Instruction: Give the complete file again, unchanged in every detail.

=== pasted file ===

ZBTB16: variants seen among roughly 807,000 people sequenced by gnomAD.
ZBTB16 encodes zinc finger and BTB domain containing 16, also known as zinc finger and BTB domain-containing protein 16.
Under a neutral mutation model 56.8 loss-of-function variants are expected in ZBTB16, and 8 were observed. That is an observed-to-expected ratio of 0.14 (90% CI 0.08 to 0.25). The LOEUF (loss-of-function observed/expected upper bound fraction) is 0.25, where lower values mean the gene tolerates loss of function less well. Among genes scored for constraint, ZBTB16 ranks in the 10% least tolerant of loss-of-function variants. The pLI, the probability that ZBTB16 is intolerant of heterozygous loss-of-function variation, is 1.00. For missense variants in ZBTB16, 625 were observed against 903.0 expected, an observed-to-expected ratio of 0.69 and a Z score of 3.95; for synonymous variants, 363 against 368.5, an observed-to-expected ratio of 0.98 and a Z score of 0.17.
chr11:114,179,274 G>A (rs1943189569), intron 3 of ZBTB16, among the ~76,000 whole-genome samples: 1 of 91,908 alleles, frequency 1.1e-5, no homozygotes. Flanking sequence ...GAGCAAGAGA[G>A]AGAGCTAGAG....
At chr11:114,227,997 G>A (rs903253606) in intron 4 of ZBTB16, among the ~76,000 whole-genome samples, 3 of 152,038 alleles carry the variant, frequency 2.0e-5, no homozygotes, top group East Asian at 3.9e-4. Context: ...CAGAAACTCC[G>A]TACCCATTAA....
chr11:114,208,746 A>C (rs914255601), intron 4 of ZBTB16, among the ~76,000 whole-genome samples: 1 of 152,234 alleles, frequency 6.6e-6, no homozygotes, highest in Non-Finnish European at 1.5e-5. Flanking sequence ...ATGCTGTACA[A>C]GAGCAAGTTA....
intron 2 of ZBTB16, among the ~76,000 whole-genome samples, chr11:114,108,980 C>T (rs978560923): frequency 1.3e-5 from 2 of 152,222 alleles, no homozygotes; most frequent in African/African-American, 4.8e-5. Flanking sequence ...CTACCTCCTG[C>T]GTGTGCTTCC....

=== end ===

ZBTB16: variants seen among roughly 807,000 people sequenced by gnomAD.
ZBTB16 encodes zinc finger and BTB domain containing 16, also known as zinc finger and BTB domain-containing protein 16.
Under a neutral mutation model 56.8 loss-of-function variants are expected in ZBTB16, and 8 were observed. That is an observed-to-expected ratio of 0.14 (90% CI 0.08 to 0.25). The LOEUF (loss-of-function observed/expected upper bound fraction) is 0.25, where lower values mean the gene tolerates loss of function less well. Among genes scored for constraint, ZBTB16 ranks in the 10% least tolerant of loss-of-function variants. The pLI, the probability that ZBTB16 is intolerant of heterozygous loss-of-function variation, is 1.00. For missense variants in ZBTB16, 625 were observed against 903.0 expected, an observed-to-expected ratio of 0.69 and a Z score of 3.95; for synonymous variants, 363 against 368.5, an observed-to-expected ratio of 0.98 and a Z score of 0.17.
chr11:114,179,274 G>A (rs1943189569), intron 3 of ZBTB16, among the ~76,000 whole-genome samples: 1 of 91,908 alleles, frequency 1.1e-5, no homozygotes. Flanking sequence ...GAGCAAGAGA[G>A]AGAGCTAGAG....
At chr11:114,227,997 G>A (rs903253606) in intron 4 of ZBTB16, among the ~76,000 whole-genome samples, 3 of 152,038 alleles carry the variant, frequency 2.0e-5, no homozygotes, top group East Asian at 3.9e-4. Context: ...CAGAAACTCC[G>A]TACCCATTAA....
chr11:114,208,746 A>C (rs914255601), intron 4 of ZBTB16, among the ~76,000 whole-genome samples: 1 of 152,234 alleles, frequency 6.6e-6, no homozygotes, highest in Non-Finnish European at 1.5e-5. Flanking sequence ...ATGCTGTACA[A>C]GAGCAAGTTA....
intron 2 of ZBTB16, among the ~76,000 whole-genome samples, chr11:114,108,980 C>T (rs978560923): frequency 1.3e-5 from 2 of 152,222 alleles, no homozygotes; most frequent in African/African-American, 4.8e-5. Flanking sequence ...CTACCTCCTG[C>T]GTGTGCTTCC....